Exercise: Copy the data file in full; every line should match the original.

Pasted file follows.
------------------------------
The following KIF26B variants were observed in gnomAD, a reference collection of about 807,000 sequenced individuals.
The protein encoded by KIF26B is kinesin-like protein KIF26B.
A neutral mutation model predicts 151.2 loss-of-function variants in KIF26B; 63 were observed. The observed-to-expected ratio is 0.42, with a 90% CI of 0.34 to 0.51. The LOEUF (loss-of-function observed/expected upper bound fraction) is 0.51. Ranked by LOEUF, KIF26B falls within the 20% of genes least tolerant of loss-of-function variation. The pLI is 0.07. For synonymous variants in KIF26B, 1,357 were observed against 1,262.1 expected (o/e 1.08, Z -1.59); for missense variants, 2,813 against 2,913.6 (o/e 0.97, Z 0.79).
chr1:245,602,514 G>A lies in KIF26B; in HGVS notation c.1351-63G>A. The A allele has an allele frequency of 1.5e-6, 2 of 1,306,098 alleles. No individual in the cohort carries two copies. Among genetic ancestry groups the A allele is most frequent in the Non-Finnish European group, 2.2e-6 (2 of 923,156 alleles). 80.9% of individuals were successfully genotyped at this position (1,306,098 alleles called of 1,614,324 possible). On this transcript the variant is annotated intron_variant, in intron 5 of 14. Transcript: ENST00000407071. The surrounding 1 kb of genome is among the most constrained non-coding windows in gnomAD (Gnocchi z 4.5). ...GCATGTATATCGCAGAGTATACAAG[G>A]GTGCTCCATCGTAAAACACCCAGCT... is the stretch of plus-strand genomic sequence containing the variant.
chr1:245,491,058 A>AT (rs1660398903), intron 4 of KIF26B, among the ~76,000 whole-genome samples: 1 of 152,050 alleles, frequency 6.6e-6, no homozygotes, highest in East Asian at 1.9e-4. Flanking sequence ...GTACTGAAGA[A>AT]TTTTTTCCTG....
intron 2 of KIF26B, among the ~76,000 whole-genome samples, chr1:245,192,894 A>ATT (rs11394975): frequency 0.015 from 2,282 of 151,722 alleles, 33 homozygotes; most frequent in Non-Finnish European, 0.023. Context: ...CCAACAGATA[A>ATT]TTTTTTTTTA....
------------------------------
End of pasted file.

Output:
The following KIF26B variants were observed in gnomAD, a reference collection of about 807,000 sequenced individuals.
The protein encoded by KIF26B is kinesin-like protein KIF26B.
A neutral mutation model predicts 151.2 loss-of-function variants in KIF26B; 63 were observed. The observed-to-expected ratio is 0.42, with a 90% CI of 0.34 to 0.51. The LOEUF (loss-of-function observed/expected upper bound fraction) is 0.51. Ranked by LOEUF, KIF26B falls within the 20% of genes least tolerant of loss-of-function variation. The pLI is 0.07. For synonymous variants in KIF26B, 1,357 were observed against 1,262.1 expected (o/e 1.08, Z -1.59); for missense variants, 2,813 against 2,913.6 (o/e 0.97, Z 0.79).
chr1:245,602,514 G>A lies in KIF26B; in HGVS notation c.1351-63G>A. The A allele has an allele frequency of 1.5e-6, 2 of 1,306,098 alleles. No individual in the cohort carries two copies. Among genetic ancestry groups the A allele is most frequent in the Non-Finnish European group, 2.2e-6 (2 of 923,156 alleles). 80.9% of individuals were successfully genotyped at this position (1,306,098 alleles called of 1,614,324 possible). On this transcript the variant is annotated intron_variant, in intron 5 of 14. Transcript: ENST00000407071. The surrounding 1 kb of genome is among the most constrained non-coding windows in gnomAD (Gnocchi z 4.5). ...GCATGTATATCGCAGAGTATACAAG[G>A]GTGCTCCATCGTAAAACACCCAGCT... is the stretch of plus-strand genomic sequence containing the variant.
chr1:245,491,058 A>AT (rs1660398903), intron 4 of KIF26B, among the ~76,000 whole-genome samples: 1 of 152,050 alleles, frequency 6.6e-6, no homozygotes, highest in East Asian at 1.9e-4. Flanking sequence ...GTACTGAAGA[A>AT]TTTTTTCCTG....
intron 2 of KIF26B, among the ~76,000 whole-genome samples, chr1:245,192,894 A>ATT (rs11394975): frequency 0.015 from 2,282 of 151,722 alleles, 33 homozygotes; most frequent in Non-Finnish European, 0.023. Context: ...CCAACAGATA[A>ATT]TTTTTTTTTA....